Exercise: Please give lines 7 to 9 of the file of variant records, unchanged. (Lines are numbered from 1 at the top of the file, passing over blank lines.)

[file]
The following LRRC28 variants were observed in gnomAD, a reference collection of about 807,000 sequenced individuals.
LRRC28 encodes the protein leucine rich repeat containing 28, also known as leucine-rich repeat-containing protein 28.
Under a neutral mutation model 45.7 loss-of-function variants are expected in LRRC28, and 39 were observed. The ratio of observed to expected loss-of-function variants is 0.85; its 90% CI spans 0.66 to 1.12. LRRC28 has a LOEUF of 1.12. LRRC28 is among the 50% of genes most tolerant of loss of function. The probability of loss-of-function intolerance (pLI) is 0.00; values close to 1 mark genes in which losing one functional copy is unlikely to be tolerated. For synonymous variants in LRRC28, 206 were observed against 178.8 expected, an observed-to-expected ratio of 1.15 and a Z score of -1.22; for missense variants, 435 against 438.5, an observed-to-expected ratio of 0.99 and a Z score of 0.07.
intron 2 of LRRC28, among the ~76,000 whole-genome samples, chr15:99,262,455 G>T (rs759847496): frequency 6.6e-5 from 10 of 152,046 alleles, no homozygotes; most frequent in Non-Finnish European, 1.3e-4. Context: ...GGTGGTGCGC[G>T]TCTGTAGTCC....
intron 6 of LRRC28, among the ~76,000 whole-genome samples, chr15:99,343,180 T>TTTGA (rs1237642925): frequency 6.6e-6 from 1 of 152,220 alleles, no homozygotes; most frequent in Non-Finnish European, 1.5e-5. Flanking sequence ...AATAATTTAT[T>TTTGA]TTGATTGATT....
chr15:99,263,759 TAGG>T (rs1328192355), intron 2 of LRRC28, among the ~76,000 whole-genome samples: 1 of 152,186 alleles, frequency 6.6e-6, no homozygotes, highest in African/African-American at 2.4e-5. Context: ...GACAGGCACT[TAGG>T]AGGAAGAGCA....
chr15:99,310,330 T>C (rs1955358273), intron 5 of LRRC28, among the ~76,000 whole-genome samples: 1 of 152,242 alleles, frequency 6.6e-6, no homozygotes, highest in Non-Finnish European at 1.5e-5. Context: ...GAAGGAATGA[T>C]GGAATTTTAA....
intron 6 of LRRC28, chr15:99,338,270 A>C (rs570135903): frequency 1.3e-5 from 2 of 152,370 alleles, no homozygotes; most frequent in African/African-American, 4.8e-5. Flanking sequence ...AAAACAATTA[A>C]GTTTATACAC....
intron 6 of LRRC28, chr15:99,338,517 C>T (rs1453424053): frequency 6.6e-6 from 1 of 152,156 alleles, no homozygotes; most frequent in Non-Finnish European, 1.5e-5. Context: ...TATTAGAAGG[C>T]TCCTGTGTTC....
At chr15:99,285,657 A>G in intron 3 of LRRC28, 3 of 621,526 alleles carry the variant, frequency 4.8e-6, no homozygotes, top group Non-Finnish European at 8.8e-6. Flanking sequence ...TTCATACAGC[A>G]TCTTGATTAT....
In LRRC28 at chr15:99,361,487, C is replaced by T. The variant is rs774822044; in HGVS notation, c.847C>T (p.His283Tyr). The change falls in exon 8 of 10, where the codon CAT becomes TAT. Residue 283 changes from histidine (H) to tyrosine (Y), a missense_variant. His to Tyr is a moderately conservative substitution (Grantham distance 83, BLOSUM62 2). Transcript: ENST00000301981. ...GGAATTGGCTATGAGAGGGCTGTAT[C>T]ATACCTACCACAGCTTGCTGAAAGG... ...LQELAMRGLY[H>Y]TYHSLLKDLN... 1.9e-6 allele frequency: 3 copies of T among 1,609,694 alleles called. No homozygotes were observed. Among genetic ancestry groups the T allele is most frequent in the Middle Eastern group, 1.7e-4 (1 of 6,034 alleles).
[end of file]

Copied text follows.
chr15:99,310,330 T>C (rs1955358273), intron 5 of LRRC28, among the ~76,000 whole-genome samples: 1 of 152,242 alleles, frequency 6.6e-6, no homozygotes, highest in Non-Finnish European at 1.5e-5. Context: ...GAAGGAATGA[T>C]GGAATTTTAA....
intron 6 of LRRC28, chr15:99,338,270 A>C (rs570135903): frequency 1.3e-5 from 2 of 152,370 alleles, no homozygotes; most frequent in African/African-American, 4.8e-5. Flanking sequence ...AAAACAATTA[A>C]GTTTATACAC....
intron 6 of LRRC28, chr15:99,338,517 C>T (rs1453424053): frequency 6.6e-6 from 1 of 152,156 alleles, no homozygotes; most frequent in Non-Finnish European, 1.5e-5. Context: ...TATTAGAAGG[C>T]TCCTGTGTTC....